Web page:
Patients' personal information threatened with computer theft

January 28, 2007

By David Clouston, Salina Journal

A laptop computer containing the names, social security numbers and medical history of up to 1,100 patients is missing, putting them at risk for identity theft, and Salina Regional Health Center officials are offering a $2,000 reward for the laptop's return.

The hospital's computer was stolen along with a docking station, printer, overhead projector and other computer equipment, plus a small amount of prescription drugs, from the office of Veridian Behavioral Health, 501 S. Santa Fe., Suite 300, earlier this month.

Last week, those patients whose privacy was potentially compromised received letters from the hospital, notifying them to let their financial institutions know about the threat and to be on guard for false charges, Beth Vinson, the hospital's marketing supervisor, said Sunday.

Vinson wouldn't identify the laptop's authorized user for concern that publicly identifying him could further compromise patient privacy.

The reason the patient information was stored on the machine was because the user travels to different offices to treat patients.

"This person has different offices to go to, and this way when he traveled to different offices, he'd have that information available to him," Vinson said.

Vinson stressed that only patients treated by the laptop user would be at risk of having their identities stolen. At the time of the theft, the computer was shut off, and the patient information is double password protected, she said.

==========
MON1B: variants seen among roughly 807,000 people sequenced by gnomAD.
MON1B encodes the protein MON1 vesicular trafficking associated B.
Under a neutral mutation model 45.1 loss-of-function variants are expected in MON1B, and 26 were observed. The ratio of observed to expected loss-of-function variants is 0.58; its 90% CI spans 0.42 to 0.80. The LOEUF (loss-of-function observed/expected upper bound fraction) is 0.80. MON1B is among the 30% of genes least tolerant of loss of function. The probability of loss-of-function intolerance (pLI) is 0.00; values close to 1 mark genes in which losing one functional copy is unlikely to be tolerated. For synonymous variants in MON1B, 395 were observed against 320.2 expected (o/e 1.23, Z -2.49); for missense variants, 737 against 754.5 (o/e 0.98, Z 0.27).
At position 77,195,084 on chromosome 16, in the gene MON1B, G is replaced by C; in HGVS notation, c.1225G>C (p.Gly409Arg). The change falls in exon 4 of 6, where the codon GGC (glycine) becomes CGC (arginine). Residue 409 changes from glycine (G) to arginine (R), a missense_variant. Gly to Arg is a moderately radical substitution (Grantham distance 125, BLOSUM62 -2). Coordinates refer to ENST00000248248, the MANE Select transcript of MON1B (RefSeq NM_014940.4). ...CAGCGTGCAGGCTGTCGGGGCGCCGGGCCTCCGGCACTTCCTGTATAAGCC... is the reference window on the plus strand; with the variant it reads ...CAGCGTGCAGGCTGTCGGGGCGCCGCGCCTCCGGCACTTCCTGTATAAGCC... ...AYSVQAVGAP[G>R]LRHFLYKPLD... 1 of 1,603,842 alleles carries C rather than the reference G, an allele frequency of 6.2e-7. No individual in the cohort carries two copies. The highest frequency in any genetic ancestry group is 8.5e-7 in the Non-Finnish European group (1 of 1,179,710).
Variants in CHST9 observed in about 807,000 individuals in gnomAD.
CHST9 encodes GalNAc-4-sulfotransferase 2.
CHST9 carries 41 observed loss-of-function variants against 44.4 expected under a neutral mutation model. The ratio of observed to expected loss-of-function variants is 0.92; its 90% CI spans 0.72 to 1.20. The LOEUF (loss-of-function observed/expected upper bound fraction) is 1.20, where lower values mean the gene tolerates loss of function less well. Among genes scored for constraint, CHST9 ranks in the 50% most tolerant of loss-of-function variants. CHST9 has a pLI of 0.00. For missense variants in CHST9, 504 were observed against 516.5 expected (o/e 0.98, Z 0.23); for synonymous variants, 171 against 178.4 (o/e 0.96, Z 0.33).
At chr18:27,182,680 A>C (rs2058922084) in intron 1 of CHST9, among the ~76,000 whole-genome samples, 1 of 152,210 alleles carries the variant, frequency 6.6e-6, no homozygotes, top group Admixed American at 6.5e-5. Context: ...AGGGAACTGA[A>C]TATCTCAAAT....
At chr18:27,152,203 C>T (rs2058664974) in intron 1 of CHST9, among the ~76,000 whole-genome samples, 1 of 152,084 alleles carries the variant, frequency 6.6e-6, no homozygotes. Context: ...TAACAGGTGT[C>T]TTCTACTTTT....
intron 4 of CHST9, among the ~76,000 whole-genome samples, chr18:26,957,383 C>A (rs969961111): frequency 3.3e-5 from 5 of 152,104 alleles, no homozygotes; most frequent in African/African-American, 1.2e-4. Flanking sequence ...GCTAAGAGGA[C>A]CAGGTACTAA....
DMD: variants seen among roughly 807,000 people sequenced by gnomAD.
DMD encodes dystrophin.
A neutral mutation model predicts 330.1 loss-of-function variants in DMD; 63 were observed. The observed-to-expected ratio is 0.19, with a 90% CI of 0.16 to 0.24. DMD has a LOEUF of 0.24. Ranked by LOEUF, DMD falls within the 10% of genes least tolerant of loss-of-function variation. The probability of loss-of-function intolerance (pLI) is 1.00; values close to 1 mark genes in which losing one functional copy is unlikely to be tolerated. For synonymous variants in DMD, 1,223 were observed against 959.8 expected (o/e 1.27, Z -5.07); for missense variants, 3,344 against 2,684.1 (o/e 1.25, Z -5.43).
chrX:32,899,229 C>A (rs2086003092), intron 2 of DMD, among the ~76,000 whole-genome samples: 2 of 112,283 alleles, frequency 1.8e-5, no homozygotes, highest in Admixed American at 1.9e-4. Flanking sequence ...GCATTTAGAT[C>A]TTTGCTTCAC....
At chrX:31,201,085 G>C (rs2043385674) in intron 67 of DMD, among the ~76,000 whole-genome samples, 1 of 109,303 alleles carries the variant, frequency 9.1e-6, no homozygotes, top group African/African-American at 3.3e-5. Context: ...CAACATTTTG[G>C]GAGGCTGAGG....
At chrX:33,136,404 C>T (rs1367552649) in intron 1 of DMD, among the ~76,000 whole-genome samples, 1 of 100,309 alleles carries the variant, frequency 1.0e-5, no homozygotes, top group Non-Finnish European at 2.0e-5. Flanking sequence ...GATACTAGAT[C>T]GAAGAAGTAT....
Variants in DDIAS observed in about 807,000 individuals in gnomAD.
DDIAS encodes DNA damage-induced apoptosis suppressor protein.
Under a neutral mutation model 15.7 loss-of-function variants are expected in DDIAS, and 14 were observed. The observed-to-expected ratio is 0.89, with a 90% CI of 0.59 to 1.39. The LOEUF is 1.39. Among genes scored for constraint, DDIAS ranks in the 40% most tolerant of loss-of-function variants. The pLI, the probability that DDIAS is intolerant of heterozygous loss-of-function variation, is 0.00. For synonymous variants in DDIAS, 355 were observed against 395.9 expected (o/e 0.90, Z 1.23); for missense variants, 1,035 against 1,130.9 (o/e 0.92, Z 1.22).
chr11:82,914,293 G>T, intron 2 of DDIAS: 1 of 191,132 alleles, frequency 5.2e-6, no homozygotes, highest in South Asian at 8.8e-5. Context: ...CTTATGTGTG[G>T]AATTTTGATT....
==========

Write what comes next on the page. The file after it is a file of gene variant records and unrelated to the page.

"At this point, there's no information that any of the information has been breached," Vinson said.

Salina Police Department officials said Sunday that none of the missing property has been recovered, and there have been no arrests made in connection with the case.

Anyone with any information on the theft may call Salina police at 826-7210, or Crimestoppers at 825-TIPS.

The hospital has given those individuals potentially affected a phone number to call to speak with the hospital's privacy officer, Donna Vineyard, about any concerns. Vineyard directs the hospital's information management department, where medical records are stored.

"We've received about 15 calls. No one has had any problems yet," Vinson said. "But we wanted to make sure that every possible method was used, so no one is the victim of identity theft."

In the meantime, she said, the hospital's security policies on the use of laptop computers are being reviewed.

There have been laptop thefts from government offices and private companies nationwide in several high-profile cases in recent years. In December, for instance, Boeing officials reported a laptop stolen containing the names and Social Security numbers of 382,000 workers and retirees. The laptop was stolen when an employee left it unattended.

"As small as computer hard drives are now, anyone could take a hard drive and walk out of any office," Vinson said. "It's going to be a problem as long as technology improves and devices get smaller.

"We do regret it happened. We're just trying to do everything possible to make sure we find the laptop and deal with those responsible."

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